I have decided that all rideblog ride entries need the :subtitle model shown above. It’s just that much more intriguing, don’t you think?
Often, when I’m getting ready to head out for a short ride, I find myself saying: “I don’t need to rideblog this. It’s just a quick jaunt. Why would I bother?” But then every time, something interesting happens or inspiration strikes… and here we are.
Tonight I headed out on the new Viva for an hour on the Cedar River Trail. I have now officially ridden this trail a gazillion times. It should be totally uninteresting: nothing but the same old rose bushes, golf courses and dog walkers. Of course, that’s not how things work for me.
First off, compared to yesterday’s ride on the Burke Gilman, this was heaven. Serious heaven. I must have passed about a dozen folks during the entire 11 mile ride, as opposed to yesterday, when I saw at least that many people in the first 11 feet. The sheer emptiness of the trail was liberating: no need to worry about being run over here!
Riding in the evening after work, I’m always struck by how tired I am. My legs are leaden and it feels like I’m cycling through mud. It doesn’t matter which bike I’m on; I’m slow and sleepy. Tonight was no exception. In fact, I was so tired and listless that for a few moments, I thought I wasn’t having much fun. Then I realized I was making slow zig-zags across the empty trail, for no reason at all. Shortly afterward, having had no one to pass, I found myself ringing my bell repeatedly in a particularly empty stretch of trail, just to hear the sound. Fun, I think, is relative. By the time I turned around at just past the 5.5 mile marker, I was feeling a bit bummed that the ride was so short. But darkness was falling, and I needed to get home and eat dinner.
Note the blinky stuck on the fender strut. I will have to get something to go on my rear rack soon. That looks ridiculous!
I took a few photos along the way. Here is the front fender on The Viva, which is sun faded. I like to think of it as “two-tone.” This fading has made the pinstripe appear brown on one side, and cream on the other!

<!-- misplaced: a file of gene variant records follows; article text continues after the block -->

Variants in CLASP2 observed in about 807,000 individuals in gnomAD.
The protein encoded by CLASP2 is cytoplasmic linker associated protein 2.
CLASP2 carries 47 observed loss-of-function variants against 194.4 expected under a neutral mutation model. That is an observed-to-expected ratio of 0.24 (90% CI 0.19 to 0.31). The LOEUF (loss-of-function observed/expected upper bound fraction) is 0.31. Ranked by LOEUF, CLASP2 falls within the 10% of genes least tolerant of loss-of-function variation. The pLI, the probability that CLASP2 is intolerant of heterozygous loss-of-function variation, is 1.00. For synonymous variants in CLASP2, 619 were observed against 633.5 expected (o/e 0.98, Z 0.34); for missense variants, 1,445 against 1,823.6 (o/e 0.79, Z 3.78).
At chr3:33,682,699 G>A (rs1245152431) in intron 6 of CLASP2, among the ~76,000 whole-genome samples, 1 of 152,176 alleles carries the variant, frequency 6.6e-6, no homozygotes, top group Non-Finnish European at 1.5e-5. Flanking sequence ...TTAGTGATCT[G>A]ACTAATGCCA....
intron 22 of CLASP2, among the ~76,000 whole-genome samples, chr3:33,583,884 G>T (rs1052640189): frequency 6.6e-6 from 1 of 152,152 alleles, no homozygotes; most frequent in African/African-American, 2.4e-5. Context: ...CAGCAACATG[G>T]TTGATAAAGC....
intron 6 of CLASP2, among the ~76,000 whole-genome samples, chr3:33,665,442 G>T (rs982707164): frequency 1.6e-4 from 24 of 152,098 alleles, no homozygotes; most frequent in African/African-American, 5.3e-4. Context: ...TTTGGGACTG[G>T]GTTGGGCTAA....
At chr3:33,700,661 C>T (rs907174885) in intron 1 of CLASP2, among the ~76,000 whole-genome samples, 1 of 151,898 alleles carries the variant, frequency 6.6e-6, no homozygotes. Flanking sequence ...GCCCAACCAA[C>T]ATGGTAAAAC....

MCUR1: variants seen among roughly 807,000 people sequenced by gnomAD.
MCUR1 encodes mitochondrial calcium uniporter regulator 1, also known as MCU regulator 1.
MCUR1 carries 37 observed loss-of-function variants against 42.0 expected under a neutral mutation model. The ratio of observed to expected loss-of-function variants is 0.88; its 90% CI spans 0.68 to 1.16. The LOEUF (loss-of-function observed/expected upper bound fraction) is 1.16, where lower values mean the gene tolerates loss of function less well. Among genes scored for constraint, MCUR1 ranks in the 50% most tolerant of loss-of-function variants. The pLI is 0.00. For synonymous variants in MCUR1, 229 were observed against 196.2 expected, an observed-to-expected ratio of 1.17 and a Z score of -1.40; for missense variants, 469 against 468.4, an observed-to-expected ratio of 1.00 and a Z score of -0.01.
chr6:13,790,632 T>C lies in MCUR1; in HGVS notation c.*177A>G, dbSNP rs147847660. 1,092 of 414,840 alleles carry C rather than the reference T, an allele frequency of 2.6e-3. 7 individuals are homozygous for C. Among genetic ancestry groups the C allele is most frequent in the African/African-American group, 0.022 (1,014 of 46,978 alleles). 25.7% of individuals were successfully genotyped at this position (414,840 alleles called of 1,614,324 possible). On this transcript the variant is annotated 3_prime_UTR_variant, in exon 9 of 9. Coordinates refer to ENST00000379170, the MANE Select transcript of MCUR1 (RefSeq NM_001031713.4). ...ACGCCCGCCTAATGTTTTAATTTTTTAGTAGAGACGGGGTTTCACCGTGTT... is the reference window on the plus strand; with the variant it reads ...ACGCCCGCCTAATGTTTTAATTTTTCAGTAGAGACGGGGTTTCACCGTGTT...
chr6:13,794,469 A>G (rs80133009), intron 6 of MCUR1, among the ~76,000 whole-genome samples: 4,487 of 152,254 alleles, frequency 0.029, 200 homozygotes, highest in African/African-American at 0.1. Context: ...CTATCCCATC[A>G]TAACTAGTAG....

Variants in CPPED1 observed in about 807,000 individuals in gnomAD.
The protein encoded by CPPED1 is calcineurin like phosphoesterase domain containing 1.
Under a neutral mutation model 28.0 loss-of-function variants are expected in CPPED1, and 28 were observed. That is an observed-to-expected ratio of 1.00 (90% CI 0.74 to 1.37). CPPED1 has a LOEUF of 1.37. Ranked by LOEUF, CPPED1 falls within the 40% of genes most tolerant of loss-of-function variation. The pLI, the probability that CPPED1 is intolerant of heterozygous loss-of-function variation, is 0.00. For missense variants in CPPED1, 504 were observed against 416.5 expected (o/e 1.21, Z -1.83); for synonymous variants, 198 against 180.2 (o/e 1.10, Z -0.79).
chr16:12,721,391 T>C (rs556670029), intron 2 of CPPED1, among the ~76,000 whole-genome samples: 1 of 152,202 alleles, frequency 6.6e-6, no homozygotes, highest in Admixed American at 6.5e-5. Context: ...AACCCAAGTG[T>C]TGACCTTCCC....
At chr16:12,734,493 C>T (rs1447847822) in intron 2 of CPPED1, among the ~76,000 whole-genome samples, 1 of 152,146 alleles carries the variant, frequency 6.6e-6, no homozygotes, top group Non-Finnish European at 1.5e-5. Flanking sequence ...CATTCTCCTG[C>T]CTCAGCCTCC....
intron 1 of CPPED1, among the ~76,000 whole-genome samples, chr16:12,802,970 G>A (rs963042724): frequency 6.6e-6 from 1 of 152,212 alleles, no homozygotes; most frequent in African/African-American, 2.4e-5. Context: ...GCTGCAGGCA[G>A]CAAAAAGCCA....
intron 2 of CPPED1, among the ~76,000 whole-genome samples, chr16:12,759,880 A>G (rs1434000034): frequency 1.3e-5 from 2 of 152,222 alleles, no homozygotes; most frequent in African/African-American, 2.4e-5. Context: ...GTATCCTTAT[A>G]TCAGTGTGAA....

The stripe of non-faded fender is interesting. I wonder what angle the front of the bicycle sat at to produce that patch.
Self-portraits while riding are still challenging, even with the settings on my new camera. I can set it to take as many pictures as I want, after any delay up to 30 seconds. I set it for a ten second delay, taking 10 pictures. This captures me, but the photos are out-of-focus and blurry, as the camera is focusing behind me, not on me. I tried setting the auto-focus to the bike in the foreground before hitting the button, but it didn’t work. Still, the me-in-motion photo is interesting.
On my way back, I was passed by an extraordinary sight: a grown man, riding a perfectly normal black bicycle… with a rubber chicken (wearing swim trunks! The chicken, not the man) affixed to his stem and handlebars, vertically. As he passed me, he honked his chicken at me, repeatedly. I truly wish I had a photograph of this set up, but he was gone before I could ask.
Right before the parking lot, The Viva and I stopped at this tiny make-shift memorial.
Last year, when we still lived a few blocks from the trail, the Eldest Girl and I headed out for a quick ride. We soon encountered a fire truck and several police cars, parked on the trail. We were told to dismount, and walk past what was clearly the scene of an accident just moments before. Several road cyclists in team jerseys were talking to the police, but I saw no one down. As we passed the fire truck, I noticed a pair of black mary jane shoes sitting neatly off to one side, as if someone had taken them off before going to bed.
The shoes did not bode well, and they stayed in my brain. Curiosity piqued, I read the news the next day to see what had happened. The shoes belonged to an 83 year-old woman named Velda Mapelli. She was walking the trail when a road cyclist attempted to pass her. She stepped in front of him, he hit her and knocked her to the ground. She suffered many injuries: fractures to her skull, ribs, pelvis and clavicle. The cyclist was only slightly hurt. She died at the hospital. Velda was, apparently, an active and energetic woman who loved to hike and get outdoors.
I don’t know if the cyclist was going too fast when he tried to pass her. Given that she was 83, her many broken bones could have come from the combination of age and the fall. That said, that’s a lot of broken bones for an active older woman, suggesting that he wasn’t riding slowly. I don’t know if he used his bell or his voice to warn Velda. My guess is that he either didn’t say anything to her, or he said: “On your left,” which I find often causes pedestrians to move left (I think it’s the result of hearing only the final word and simply reacting) rather than right. I’m certain that it was an accident, but I’m haunted by those shoes.
I wish everyone would use a ding-ding bell. I wish they would put them on their fancy road bikes and use them around pedestrians. Yesterday, most road cyclists passed me with no verbal/tonal warning. Some of those cyclists were moving very, very quickly. No one should die on a pretty trail walk on a sunny afternoon, and no cyclist should have to live with that guilt. Given how often I’ve seen people nearly take out one of my kids, I think it was only a matter of time before this happened. The way I think of it is this: if you wouldn’t drive that way on the freeway, weaving in and out of traffic at high speed, then don’t ride your bike that way. Rest in peace, Velda.